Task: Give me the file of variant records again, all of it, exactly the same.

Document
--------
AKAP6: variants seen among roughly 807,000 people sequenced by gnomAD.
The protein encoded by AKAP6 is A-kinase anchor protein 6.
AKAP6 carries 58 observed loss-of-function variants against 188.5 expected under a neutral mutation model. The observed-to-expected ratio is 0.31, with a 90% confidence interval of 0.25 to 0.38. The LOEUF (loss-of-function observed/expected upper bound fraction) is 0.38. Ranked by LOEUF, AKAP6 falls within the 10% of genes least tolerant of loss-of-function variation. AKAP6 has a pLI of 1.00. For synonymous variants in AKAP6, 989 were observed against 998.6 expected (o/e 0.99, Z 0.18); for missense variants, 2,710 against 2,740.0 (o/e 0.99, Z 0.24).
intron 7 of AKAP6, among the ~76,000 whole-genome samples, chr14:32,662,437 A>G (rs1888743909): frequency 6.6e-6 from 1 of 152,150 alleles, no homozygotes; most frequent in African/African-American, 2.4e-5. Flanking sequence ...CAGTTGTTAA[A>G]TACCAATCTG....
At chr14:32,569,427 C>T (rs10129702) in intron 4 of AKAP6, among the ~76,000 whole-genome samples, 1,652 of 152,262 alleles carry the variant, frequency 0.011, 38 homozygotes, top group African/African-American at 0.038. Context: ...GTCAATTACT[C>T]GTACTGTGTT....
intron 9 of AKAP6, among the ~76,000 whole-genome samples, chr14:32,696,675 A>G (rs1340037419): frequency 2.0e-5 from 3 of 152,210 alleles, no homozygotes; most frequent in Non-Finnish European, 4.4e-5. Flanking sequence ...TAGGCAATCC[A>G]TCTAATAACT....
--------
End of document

AKAP6: variants seen among roughly 807,000 people sequenced by gnomAD.
The protein encoded by AKAP6 is A-kinase anchor protein 6.
AKAP6 carries 58 observed loss-of-function variants against 188.5 expected under a neutral mutation model. The observed-to-expected ratio is 0.31, with a 90% confidence interval of 0.25 to 0.38. The LOEUF (loss-of-function observed/expected upper bound fraction) is 0.38. Ranked by LOEUF, AKAP6 falls within the 10% of genes least tolerant of loss-of-function variation. AKAP6 has a pLI of 1.00. For synonymous variants in AKAP6, 989 were observed against 998.6 expected (o/e 0.99, Z 0.18); for missense variants, 2,710 against 2,740.0 (o/e 0.99, Z 0.24).
intron 7 of AKAP6, among the ~76,000 whole-genome samples, chr14:32,662,437 A>G (rs1888743909): frequency 6.6e-6 from 1 of 152,150 alleles, no homozygotes; most frequent in African/African-American, 2.4e-5. Flanking sequence ...CAGTTGTTAA[A>G]TACCAATCTG....
At chr14:32,569,427 C>T (rs10129702) in intron 4 of AKAP6, among the ~76,000 whole-genome samples, 1,652 of 152,262 alleles carry the variant, frequency 0.011, 38 homozygotes, top group African/African-American at 0.038. Context: ...GTCAATTACT[C>T]GTACTGTGTT....
intron 9 of AKAP6, among the ~76,000 whole-genome samples, chr14:32,696,675 A>G (rs1340037419): frequency 2.0e-5 from 3 of 152,210 alleles, no homozygotes; most frequent in Non-Finnish European, 4.4e-5. Flanking sequence ...TAGGCAATCC[A>G]TCTAATAACT....